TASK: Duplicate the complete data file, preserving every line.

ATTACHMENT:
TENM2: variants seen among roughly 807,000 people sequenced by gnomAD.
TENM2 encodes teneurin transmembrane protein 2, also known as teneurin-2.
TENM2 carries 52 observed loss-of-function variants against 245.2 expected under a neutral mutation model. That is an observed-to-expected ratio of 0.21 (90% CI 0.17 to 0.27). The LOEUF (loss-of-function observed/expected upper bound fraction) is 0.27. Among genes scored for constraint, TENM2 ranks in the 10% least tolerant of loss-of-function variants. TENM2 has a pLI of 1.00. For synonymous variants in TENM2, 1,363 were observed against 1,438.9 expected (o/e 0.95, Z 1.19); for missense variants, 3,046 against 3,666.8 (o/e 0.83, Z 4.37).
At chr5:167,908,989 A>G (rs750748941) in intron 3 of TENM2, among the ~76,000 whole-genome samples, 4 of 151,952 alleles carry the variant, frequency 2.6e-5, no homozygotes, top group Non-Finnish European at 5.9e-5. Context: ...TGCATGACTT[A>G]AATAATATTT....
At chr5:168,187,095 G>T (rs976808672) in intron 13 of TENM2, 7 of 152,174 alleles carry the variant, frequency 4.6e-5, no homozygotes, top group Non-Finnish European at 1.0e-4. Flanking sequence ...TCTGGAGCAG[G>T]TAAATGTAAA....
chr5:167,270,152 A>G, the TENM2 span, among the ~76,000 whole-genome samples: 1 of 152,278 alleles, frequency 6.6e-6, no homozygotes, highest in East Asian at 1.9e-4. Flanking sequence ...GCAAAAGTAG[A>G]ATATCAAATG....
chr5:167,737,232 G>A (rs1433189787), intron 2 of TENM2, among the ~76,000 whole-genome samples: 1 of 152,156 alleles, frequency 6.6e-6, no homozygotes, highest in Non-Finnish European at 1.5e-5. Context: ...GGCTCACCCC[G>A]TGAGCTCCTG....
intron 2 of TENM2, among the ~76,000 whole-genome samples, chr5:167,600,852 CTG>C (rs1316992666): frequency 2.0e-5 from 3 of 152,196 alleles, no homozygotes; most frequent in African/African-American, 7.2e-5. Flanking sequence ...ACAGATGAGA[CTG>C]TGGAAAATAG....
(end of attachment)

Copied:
TENM2: variants seen among roughly 807,000 people sequenced by gnomAD.
TENM2 encodes teneurin transmembrane protein 2, also known as teneurin-2.
TENM2 carries 52 observed loss-of-function variants against 245.2 expected under a neutral mutation model. That is an observed-to-expected ratio of 0.21 (90% CI 0.17 to 0.27). The LOEUF (loss-of-function observed/expected upper bound fraction) is 0.27. Among genes scored for constraint, TENM2 ranks in the 10% least tolerant of loss-of-function variants. TENM2 has a pLI of 1.00. For synonymous variants in TENM2, 1,363 were observed against 1,438.9 expected (o/e 0.95, Z 1.19); for missense variants, 3,046 against 3,666.8 (o/e 0.83, Z 4.37).
At chr5:167,908,989 A>G (rs750748941) in intron 3 of TENM2, among the ~76,000 whole-genome samples, 4 of 151,952 alleles carry the variant, frequency 2.6e-5, no homozygotes, top group Non-Finnish European at 5.9e-5. Context: ...TGCATGACTT[A>G]AATAATATTT....
At chr5:168,187,095 G>T (rs976808672) in intron 13 of TENM2, 7 of 152,174 alleles carry the variant, frequency 4.6e-5, no homozygotes, top group Non-Finnish European at 1.0e-4. Flanking sequence ...TCTGGAGCAG[G>T]TAAATGTAAA....
chr5:167,270,152 A>G, the TENM2 span, among the ~76,000 whole-genome samples: 1 of 152,278 alleles, frequency 6.6e-6, no homozygotes, highest in East Asian at 1.9e-4. Flanking sequence ...GCAAAAGTAG[A>G]ATATCAAATG....
chr5:167,737,232 G>A (rs1433189787), intron 2 of TENM2, among the ~76,000 whole-genome samples: 1 of 152,156 alleles, frequency 6.6e-6, no homozygotes, highest in Non-Finnish European at 1.5e-5. Context: ...GGCTCACCCC[G>A]TGAGCTCCTG....
intron 2 of TENM2, among the ~76,000 whole-genome samples, chr5:167,600,852 CTG>C (rs1316992666): frequency 2.0e-5 from 3 of 152,196 alleles, no homozygotes; most frequent in African/African-American, 7.2e-5. Flanking sequence ...ACAGATGAGA[CTG>C]TGGAAAATAG....